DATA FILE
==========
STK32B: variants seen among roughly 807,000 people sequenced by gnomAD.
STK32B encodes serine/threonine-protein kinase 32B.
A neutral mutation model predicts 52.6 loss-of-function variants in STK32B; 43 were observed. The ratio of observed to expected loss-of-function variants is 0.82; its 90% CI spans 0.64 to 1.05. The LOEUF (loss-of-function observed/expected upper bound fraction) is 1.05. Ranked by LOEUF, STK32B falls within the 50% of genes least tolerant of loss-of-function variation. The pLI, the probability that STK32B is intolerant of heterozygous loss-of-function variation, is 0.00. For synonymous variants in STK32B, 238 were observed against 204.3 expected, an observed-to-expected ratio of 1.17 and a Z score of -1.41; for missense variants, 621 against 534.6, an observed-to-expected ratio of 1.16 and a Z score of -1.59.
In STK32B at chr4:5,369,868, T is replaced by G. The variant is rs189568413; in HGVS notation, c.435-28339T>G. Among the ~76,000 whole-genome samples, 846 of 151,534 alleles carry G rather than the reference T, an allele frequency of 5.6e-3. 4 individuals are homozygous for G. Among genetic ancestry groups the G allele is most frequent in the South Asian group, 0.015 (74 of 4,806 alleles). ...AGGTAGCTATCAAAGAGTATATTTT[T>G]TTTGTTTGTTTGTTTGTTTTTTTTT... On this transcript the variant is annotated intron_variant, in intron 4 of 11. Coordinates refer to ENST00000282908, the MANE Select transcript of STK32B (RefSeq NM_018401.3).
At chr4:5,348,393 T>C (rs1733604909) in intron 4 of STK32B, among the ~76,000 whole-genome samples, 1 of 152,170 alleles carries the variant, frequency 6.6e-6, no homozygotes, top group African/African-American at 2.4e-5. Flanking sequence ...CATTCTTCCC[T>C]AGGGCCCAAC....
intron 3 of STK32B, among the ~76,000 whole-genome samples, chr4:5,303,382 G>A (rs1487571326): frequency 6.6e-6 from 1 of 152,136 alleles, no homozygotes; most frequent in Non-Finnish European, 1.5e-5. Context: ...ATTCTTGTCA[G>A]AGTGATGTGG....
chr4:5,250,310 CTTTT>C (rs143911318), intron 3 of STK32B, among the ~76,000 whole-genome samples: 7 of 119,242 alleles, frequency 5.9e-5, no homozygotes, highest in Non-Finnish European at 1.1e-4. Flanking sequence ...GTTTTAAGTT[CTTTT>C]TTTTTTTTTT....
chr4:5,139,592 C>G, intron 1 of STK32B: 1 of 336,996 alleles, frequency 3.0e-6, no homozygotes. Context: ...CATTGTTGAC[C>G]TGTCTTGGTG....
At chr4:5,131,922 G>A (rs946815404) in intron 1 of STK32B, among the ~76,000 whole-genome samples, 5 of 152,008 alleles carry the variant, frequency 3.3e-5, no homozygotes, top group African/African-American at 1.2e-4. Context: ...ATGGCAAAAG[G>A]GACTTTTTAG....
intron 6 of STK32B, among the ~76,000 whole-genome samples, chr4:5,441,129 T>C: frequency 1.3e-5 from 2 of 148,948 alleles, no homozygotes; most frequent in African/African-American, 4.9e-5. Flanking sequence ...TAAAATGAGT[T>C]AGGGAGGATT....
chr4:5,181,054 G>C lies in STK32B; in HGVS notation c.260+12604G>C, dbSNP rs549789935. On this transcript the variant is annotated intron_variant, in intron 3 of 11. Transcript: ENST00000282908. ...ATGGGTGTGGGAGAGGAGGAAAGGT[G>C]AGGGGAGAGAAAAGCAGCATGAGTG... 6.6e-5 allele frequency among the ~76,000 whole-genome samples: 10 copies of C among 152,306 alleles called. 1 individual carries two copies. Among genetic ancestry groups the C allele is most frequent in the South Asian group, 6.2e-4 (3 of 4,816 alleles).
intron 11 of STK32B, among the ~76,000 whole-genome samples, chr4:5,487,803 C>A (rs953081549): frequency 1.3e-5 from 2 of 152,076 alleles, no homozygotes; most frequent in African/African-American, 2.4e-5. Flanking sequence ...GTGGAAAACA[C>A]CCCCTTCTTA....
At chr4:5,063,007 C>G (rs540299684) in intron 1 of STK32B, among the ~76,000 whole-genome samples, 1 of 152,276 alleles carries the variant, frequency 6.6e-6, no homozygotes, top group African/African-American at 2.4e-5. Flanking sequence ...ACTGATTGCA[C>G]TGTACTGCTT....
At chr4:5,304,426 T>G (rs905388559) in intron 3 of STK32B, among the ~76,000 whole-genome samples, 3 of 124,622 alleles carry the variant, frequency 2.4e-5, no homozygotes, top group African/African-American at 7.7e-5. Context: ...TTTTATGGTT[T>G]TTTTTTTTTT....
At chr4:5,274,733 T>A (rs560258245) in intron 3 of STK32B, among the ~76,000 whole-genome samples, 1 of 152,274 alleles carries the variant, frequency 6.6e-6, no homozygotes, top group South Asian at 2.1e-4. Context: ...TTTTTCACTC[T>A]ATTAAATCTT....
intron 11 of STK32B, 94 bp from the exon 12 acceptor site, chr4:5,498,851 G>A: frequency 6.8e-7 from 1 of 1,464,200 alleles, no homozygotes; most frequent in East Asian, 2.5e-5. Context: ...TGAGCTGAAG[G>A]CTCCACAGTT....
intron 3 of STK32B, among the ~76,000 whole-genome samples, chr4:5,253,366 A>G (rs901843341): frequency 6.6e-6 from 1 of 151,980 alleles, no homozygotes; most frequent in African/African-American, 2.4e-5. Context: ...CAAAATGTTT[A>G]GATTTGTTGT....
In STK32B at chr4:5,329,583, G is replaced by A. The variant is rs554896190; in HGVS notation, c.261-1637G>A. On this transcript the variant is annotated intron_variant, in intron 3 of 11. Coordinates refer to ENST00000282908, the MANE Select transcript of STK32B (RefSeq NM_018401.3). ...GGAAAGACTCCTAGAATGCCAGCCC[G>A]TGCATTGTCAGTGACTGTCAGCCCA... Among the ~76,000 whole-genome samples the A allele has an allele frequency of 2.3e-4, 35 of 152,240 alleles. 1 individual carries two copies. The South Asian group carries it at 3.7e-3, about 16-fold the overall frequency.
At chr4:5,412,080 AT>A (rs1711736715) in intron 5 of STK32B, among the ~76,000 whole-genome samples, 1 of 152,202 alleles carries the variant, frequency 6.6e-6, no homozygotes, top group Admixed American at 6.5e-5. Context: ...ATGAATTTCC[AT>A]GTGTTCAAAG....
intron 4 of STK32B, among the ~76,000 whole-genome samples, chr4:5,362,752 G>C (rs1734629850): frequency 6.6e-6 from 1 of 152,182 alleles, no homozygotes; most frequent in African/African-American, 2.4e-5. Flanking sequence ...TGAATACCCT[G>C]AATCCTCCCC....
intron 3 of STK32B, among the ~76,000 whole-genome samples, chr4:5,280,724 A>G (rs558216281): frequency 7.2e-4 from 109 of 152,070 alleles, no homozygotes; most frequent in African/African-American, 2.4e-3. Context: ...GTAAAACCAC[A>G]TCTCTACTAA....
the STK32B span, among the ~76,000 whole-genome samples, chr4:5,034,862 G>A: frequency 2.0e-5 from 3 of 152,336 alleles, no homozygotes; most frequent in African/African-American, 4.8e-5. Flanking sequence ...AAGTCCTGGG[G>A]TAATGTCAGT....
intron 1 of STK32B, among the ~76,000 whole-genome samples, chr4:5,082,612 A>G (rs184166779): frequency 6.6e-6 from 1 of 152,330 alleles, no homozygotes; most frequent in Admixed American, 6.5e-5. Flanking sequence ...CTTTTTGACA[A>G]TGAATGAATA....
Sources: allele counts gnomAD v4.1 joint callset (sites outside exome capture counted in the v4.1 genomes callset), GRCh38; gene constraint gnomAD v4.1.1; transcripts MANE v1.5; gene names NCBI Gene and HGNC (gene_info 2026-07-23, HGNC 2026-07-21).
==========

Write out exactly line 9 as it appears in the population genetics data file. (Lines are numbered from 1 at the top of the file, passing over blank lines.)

At chr4:5,131,922 G>A (rs946815404) in intron 1 of STK32B, among the ~76,000 whole-genome samples, 5 of 152,008 alleles carry the variant, frequency 3.3e-5, no homozygotes, top group African/African-American at 1.2e-4. Context: ...ATGGCAAAAG[G>A]GACTTTTTAG....